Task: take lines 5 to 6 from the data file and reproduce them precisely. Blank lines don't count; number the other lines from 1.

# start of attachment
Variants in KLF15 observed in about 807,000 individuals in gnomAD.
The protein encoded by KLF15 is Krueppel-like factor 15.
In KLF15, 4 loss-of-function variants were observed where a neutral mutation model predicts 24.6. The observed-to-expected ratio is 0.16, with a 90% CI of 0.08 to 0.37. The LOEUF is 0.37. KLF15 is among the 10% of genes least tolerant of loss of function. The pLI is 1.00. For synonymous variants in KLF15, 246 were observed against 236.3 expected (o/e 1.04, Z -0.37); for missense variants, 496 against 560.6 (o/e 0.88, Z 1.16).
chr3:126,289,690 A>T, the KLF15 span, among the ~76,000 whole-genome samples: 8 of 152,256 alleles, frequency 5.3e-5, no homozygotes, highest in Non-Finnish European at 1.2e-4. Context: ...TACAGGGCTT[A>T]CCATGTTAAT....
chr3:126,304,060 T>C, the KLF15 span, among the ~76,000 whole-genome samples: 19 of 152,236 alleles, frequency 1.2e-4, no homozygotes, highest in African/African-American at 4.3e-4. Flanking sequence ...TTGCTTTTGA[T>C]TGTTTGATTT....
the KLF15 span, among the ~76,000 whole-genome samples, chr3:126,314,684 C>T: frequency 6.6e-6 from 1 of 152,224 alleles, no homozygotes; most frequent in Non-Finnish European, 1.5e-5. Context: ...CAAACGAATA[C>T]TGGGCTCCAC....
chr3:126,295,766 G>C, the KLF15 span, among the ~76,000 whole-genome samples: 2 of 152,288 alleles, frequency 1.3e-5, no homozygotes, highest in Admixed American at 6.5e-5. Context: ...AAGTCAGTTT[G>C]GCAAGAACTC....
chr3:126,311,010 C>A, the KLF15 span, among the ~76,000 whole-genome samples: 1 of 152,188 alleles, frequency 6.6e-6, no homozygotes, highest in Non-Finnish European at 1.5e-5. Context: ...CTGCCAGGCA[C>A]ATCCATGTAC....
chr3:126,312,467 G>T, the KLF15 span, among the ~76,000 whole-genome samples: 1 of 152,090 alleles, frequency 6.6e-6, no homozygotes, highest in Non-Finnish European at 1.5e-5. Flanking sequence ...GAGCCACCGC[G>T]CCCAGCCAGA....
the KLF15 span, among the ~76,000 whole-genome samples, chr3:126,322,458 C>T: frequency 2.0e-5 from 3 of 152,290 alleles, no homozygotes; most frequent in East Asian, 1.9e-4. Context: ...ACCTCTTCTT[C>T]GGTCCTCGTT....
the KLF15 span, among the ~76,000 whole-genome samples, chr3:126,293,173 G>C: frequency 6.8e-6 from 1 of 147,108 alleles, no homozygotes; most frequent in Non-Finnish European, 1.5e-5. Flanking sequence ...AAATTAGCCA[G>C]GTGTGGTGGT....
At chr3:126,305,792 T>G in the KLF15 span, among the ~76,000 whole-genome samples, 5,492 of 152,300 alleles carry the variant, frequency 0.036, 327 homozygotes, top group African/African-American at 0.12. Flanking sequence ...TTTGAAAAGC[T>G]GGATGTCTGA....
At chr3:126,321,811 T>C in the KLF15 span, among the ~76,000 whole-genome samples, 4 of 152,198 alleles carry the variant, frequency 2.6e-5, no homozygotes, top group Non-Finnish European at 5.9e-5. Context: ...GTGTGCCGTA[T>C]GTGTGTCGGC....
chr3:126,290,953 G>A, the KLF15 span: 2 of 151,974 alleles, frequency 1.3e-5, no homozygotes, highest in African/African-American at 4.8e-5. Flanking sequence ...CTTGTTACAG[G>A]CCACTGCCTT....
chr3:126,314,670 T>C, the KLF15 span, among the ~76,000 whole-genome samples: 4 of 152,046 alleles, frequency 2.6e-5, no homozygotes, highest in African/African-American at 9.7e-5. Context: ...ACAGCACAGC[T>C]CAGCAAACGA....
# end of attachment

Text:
chr3:126,304,060 T>C, the KLF15 span, among the ~76,000 whole-genome samples: 19 of 152,236 alleles, frequency 1.2e-4, no homozygotes, highest in African/African-American at 4.3e-4. Flanking sequence ...TTGCTTTTGA[T>C]TGTTTGATTT....
the KLF15 span, among the ~76,000 whole-genome samples, chr3:126,314,684 C>T: frequency 6.6e-6 from 1 of 152,224 alleles, no homozygotes; most frequent in Non-Finnish European, 1.5e-5. Context: ...CAAACGAATA[C>T]TGGGCTCCAC....